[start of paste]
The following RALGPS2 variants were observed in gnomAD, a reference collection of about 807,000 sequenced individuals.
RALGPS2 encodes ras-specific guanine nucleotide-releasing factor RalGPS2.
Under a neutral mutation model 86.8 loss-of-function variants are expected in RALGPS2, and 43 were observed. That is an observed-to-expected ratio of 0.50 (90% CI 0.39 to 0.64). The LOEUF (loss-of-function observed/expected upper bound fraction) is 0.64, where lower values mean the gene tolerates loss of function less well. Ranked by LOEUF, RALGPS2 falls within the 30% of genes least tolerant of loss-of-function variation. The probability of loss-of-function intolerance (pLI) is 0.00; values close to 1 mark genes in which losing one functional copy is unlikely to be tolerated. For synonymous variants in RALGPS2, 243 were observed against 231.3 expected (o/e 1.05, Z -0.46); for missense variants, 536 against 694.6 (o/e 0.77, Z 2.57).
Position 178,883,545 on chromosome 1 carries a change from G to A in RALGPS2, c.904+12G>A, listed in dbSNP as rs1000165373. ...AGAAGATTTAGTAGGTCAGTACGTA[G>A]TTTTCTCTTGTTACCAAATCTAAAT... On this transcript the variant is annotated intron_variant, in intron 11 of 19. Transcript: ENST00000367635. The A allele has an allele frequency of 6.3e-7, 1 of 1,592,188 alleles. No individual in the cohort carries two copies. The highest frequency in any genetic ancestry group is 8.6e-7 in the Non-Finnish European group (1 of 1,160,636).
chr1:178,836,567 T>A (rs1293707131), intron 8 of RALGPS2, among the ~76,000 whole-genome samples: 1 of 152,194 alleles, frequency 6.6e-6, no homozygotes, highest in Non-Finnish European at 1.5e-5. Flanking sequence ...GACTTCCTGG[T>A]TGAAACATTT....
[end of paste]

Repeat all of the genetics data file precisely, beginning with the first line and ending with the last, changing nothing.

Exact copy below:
The following RALGPS2 variants were observed in gnomAD, a reference collection of about 807,000 sequenced individuals.
RALGPS2 encodes ras-specific guanine nucleotide-releasing factor RalGPS2.
Under a neutral mutation model 86.8 loss-of-function variants are expected in RALGPS2, and 43 were observed. That is an observed-to-expected ratio of 0.50 (90% CI 0.39 to 0.64). The LOEUF (loss-of-function observed/expected upper bound fraction) is 0.64, where lower values mean the gene tolerates loss of function less well. Ranked by LOEUF, RALGPS2 falls within the 30% of genes least tolerant of loss-of-function variation. The probability of loss-of-function intolerance (pLI) is 0.00; values close to 1 mark genes in which losing one functional copy is unlikely to be tolerated. For synonymous variants in RALGPS2, 243 were observed against 231.3 expected (o/e 1.05, Z -0.46); for missense variants, 536 against 694.6 (o/e 0.77, Z 2.57).
Position 178,883,545 on chromosome 1 carries a change from G to A in RALGPS2, c.904+12G>A, listed in dbSNP as rs1000165373. ...AGAAGATTTAGTAGGTCAGTACGTA[G>A]TTTTCTCTTGTTACCAAATCTAAAT... On this transcript the variant is annotated intron_variant, in intron 11 of 19. Transcript: ENST00000367635. The A allele has an allele frequency of 6.3e-7, 1 of 1,592,188 alleles. No individual in the cohort carries two copies. The highest frequency in any genetic ancestry group is 8.6e-7 in the Non-Finnish European group (1 of 1,160,636).
chr1:178,836,567 T>A (rs1293707131), intron 8 of RALGPS2, among the ~76,000 whole-genome samples: 1 of 152,194 alleles, frequency 6.6e-6, no homozygotes, highest in Non-Finnish European at 1.5e-5. Flanking sequence ...GACTTCCTGG[T>A]TGAAACATTT....